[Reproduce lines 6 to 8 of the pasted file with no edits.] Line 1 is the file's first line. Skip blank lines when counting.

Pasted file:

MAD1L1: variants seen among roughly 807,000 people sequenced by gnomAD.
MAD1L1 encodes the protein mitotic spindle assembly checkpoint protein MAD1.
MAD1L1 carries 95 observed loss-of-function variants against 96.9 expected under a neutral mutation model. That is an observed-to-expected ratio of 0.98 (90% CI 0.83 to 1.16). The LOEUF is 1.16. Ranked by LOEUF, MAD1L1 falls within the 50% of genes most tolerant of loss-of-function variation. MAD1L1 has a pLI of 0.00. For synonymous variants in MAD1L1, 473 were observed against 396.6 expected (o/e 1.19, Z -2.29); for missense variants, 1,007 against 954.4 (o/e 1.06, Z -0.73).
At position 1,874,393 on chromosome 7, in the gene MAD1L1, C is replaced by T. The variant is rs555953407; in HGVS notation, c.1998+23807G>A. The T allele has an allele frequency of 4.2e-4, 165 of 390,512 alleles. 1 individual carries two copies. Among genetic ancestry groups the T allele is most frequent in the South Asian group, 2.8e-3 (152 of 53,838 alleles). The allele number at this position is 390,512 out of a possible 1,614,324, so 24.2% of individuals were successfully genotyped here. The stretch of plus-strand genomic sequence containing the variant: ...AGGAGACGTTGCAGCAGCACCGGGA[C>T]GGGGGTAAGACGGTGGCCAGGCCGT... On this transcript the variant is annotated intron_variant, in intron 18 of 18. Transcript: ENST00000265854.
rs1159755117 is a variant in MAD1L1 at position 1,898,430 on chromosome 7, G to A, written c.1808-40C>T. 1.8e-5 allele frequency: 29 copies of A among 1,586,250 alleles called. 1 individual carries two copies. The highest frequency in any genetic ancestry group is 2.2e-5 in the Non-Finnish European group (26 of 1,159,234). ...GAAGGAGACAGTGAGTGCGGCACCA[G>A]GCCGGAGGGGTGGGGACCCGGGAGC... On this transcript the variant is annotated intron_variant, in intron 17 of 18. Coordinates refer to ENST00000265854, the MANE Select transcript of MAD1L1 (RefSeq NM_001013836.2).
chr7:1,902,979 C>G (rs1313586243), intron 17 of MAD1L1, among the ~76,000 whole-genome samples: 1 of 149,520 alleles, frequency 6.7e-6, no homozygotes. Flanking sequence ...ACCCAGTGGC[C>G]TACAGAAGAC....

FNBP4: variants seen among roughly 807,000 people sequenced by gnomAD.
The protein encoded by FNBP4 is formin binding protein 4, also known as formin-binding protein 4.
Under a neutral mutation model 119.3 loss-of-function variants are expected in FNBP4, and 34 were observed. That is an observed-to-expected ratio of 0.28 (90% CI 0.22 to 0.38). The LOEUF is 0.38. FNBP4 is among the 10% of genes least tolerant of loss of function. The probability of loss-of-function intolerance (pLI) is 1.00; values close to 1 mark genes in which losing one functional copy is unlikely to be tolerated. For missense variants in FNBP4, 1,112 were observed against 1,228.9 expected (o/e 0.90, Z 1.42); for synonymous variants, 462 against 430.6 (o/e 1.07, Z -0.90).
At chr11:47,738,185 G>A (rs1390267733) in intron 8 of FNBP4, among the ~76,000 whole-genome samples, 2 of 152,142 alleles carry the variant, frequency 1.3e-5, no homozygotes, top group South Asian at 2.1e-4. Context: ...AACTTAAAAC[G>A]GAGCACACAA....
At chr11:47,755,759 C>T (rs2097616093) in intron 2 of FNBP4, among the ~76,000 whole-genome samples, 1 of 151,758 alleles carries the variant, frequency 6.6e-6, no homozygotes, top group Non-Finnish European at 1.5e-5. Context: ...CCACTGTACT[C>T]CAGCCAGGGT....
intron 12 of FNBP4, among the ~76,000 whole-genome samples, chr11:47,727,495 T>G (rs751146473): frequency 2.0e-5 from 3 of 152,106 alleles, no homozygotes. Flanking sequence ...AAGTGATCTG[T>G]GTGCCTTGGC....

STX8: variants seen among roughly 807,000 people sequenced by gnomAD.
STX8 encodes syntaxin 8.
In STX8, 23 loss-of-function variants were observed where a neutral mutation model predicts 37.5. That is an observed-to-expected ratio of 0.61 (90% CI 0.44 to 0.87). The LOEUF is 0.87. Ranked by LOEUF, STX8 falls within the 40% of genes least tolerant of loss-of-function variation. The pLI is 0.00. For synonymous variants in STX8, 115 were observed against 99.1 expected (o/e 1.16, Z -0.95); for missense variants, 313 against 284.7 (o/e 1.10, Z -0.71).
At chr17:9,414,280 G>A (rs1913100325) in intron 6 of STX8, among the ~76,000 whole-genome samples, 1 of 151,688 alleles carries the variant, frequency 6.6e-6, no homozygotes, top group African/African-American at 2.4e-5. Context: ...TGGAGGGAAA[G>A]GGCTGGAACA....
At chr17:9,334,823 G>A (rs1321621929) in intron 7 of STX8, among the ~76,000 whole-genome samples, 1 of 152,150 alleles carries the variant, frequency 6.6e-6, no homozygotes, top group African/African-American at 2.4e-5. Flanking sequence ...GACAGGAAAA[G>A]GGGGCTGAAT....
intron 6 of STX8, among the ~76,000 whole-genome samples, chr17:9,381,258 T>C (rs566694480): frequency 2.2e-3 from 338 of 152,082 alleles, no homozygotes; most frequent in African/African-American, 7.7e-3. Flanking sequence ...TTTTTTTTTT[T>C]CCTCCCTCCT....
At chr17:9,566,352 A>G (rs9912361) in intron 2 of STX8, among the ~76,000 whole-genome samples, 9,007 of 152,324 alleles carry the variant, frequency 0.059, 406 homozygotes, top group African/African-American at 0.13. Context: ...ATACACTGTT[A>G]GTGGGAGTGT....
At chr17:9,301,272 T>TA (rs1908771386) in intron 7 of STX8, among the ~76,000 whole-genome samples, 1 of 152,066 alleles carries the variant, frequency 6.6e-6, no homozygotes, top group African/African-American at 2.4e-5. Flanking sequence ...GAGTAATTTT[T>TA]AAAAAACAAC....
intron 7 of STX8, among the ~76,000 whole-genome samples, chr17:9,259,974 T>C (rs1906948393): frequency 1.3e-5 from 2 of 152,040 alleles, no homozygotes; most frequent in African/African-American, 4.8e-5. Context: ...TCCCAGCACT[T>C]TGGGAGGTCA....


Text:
chr7:1,902,979 C>G (rs1313586243), intron 17 of MAD1L1, among the ~76,000 whole-genome samples: 1 of 149,520 alleles, frequency 6.7e-6, no homozygotes. Flanking sequence ...ACCCAGTGGC[C>G]TACAGAAGAC....

FNBP4: variants seen among roughly 807,000 people sequenced by gnomAD.
The protein encoded by FNBP4 is formin binding protein 4, also known as formin-binding protein 4.